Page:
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READERS’ LETTERS: Owners’ behaviour gives dogs a bad name

Our lead letter writer says Staffies "would rather smother you with love than attack anyone".
Our lead letter writer says Staffies "would rather smother you with love than attack anyone".

Sir, – Once again the headlines are screaming out “Staffie attack”, following an incident in Arbroath in which a Yorkshire terrier was allegedly mauled by one of the dogs, and the good work of organisations such as Staffie Smiles, which are helping to give these dogs forever homes, has taken a knock again.

While in no way do I condone dog attacks and I have every sympathy with the victims, they are not all committed by Staffies.

Any breed of dog in the wrong hands could attack.

The point I am making is that the behaviour of the dog stems from the owner.

There are, I know, Staffies bought because they look “tough” and trained to be aggressive but any Staffie I know would rather smother you with love than attack anyone.

Rehoming kennels are full of these dogs but ask anyone who works there and they will tell you they are friendly, loving dogs.

I’ve said it before and I don’t mind repeating myself – if you think you see an aggressive dog look at the other end of the lead.

Wilma Thom.

Callander Drive,



Talking sense on tarmac plan

Sir, – My family and I recently had a delightful lunch at Little’s new restaurant in Blairgowrie. The transformation from the old church is remarkable and Mr Little is to be commended for all the thought, care and consideration he has put into the lovely old place of worship.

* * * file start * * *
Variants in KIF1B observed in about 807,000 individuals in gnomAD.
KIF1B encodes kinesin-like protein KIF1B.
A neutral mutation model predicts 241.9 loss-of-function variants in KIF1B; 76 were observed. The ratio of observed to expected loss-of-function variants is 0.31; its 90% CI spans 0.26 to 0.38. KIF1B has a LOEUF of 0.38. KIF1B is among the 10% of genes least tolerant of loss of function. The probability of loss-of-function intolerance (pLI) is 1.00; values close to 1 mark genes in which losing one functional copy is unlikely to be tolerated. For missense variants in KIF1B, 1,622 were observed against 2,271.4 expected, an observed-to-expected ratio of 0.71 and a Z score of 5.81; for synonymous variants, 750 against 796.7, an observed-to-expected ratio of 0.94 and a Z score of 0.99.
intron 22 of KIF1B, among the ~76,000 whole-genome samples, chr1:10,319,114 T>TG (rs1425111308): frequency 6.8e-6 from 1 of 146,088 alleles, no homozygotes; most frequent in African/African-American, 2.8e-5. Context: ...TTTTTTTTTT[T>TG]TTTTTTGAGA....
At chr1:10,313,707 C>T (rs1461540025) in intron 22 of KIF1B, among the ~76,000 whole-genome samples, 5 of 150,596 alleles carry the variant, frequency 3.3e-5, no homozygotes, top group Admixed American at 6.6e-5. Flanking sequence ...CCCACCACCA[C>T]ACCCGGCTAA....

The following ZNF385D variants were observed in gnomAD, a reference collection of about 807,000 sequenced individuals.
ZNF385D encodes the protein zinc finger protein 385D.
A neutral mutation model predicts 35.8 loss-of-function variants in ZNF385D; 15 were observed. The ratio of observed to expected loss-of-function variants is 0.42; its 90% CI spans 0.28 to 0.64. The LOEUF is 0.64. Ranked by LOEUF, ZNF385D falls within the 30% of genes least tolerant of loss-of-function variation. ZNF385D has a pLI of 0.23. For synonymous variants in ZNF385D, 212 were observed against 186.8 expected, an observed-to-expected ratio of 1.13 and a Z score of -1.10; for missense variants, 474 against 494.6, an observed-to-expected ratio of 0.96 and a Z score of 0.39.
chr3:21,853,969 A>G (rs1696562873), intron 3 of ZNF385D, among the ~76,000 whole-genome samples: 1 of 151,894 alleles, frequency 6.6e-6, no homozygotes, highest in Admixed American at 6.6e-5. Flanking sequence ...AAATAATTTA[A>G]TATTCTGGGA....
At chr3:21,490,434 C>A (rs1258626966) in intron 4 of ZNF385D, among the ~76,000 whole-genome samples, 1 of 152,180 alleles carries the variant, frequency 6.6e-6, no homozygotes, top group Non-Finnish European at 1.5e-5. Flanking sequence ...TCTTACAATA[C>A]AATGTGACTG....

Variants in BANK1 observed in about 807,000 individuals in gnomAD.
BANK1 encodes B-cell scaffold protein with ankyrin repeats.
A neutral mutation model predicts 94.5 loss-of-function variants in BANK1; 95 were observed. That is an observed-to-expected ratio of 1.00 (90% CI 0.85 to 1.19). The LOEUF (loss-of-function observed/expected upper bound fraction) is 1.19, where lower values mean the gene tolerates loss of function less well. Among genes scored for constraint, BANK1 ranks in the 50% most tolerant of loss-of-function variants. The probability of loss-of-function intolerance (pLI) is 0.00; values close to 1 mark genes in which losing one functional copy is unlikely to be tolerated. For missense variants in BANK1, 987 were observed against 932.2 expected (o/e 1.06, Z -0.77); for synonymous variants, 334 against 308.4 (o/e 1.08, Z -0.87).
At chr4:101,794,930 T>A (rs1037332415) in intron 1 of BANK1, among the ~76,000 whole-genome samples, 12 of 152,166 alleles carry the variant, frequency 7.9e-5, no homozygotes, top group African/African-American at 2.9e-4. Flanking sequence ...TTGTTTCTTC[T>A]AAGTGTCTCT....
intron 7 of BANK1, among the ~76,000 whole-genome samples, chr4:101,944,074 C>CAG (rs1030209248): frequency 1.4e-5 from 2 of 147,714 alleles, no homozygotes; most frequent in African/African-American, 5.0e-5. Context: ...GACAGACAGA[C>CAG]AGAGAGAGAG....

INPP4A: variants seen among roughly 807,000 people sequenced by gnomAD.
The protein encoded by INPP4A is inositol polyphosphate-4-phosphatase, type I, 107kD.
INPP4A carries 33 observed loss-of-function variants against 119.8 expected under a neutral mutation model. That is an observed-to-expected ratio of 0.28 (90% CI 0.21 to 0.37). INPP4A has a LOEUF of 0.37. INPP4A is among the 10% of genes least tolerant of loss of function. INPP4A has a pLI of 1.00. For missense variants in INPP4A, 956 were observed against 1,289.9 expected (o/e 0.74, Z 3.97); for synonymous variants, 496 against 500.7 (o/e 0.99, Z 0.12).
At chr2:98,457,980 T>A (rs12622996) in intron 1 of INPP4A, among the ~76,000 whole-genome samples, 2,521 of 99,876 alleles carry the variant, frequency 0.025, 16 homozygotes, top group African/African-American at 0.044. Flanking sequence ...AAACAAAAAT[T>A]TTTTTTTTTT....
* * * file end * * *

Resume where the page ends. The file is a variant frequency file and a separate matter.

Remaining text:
I understand Mr Little wishes to cover the car park with tarmacadam but apparently the council is of the belief that this would not be suitable round the sandstone edifice and suggests gravel would be a better choice.

Our congregation support two churches in Crieff, both built of sandstone, one as a place of worship and the other as a hall used by the whole community of Crieff.

The church is surrounded by tarmacadam and the hall by gravel.

I may say I have just returned from the latter this afternoon and found the gravel difficult to walk on with parts of it obviously in need of raking and covered with weeds in places.

I imagine if I had been wearing high heels I would have been most uncomfortable and some of the gravel would have found its way into the building, especially as it had been raining.

Little’s has had the church floor restored in keeping with the remainder of the building and I trust the council will seriously consider granting Mr Little’s request to have tarmacadam laid.

Moira Kerr.

Knock Road,



Bittersweet day for EU backers

Sir, – On Wednesday, celebrations took place across Scotland and the rest of the European Union to mark Europe Day, an annual celebration of peace and unity.

For pro-EU individuals like myself, it was a day tinged with sadness as this is the last year we will mark it prior to the UK leaving the EU in March 2019.

The day is also known as Schuman Day, commemorating the declaration on May 9 1950 by the French foreign minister, Robert Schuman, which marked the first move towards the creation of the EU.